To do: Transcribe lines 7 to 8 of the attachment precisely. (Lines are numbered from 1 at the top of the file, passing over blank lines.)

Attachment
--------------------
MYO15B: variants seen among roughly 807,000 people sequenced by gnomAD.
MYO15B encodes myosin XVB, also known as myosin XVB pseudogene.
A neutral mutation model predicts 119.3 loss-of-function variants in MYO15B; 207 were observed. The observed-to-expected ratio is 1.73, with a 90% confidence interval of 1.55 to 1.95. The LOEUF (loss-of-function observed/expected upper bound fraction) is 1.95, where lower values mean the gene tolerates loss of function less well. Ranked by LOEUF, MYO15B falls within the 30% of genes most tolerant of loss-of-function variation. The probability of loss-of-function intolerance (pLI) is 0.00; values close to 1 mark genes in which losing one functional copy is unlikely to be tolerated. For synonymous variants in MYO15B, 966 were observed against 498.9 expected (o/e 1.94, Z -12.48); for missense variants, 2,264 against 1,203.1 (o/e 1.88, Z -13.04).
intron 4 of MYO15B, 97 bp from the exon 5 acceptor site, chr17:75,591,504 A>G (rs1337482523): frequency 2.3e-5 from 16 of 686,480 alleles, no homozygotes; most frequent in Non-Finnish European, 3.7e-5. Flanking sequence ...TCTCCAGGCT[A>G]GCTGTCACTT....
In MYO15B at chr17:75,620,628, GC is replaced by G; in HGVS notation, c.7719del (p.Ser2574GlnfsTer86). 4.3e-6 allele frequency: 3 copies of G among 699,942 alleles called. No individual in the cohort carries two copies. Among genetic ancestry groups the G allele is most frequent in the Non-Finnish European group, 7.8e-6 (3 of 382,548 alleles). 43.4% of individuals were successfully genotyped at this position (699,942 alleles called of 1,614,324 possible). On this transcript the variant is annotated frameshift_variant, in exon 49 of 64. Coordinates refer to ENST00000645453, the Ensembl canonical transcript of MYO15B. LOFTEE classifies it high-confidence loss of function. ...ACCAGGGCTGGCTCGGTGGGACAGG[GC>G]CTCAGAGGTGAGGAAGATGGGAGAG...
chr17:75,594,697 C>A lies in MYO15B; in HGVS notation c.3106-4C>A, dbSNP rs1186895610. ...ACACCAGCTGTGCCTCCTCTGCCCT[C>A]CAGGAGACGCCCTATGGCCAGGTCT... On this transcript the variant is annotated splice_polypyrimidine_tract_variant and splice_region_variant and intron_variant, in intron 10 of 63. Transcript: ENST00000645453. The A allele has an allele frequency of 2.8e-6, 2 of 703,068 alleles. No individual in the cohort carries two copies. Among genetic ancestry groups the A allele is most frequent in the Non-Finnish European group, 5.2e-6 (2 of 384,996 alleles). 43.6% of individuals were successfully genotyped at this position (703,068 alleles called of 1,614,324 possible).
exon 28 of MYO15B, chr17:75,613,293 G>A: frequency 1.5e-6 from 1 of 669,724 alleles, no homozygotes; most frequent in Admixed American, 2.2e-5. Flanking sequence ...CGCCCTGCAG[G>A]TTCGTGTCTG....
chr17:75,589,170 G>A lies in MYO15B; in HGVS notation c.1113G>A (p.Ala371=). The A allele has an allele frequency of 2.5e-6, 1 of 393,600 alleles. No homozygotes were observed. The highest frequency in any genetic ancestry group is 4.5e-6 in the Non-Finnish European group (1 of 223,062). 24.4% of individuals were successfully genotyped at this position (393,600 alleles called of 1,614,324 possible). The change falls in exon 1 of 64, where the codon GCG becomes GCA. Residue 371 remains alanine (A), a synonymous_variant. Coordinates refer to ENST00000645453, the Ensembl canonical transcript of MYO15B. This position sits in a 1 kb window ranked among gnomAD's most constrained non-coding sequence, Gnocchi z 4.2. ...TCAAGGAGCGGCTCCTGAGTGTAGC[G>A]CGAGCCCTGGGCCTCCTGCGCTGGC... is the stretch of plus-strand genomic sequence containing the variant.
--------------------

exon 28 of MYO15B, chr17:75,613,293 G>A: frequency 1.5e-6 from 1 of 669,724 alleles, no homozygotes; most frequent in Admixed American, 2.2e-5. Flanking sequence ...CGCCCTGCAG[G>A]TTCGTGTCTG....
chr17:75,589,170 G>A lies in MYO15B; in HGVS notation c.1113G>A (p.Ala371=). The A allele has an allele frequency of 2.5e-6, 1 of 393,600 alleles. No homozygotes were observed. The highest frequency in any genetic ancestry group is 4.5e-6 in the Non-Finnish European group (1 of 223,062). 24.4% of individuals were successfully genotyped at this position (393,600 alleles called of 1,614,324 possible). The change falls in exon 1 of 64, where the codon GCG becomes GCA. Residue 371 remains alanine (A), a synonymous_variant. Coordinates refer to ENST00000645453, the Ensembl canonical transcript of MYO15B. This position sits in a 1 kb window ranked among gnomAD's most constrained non-coding sequence, Gnocchi z 4.2. ...TCAAGGAGCGGCTCCTGAGTGTAGC[G>A]CGAGCCCTGGGCCTCCTGCGCTGGC... is the stretch of plus-strand genomic sequence containing the variant.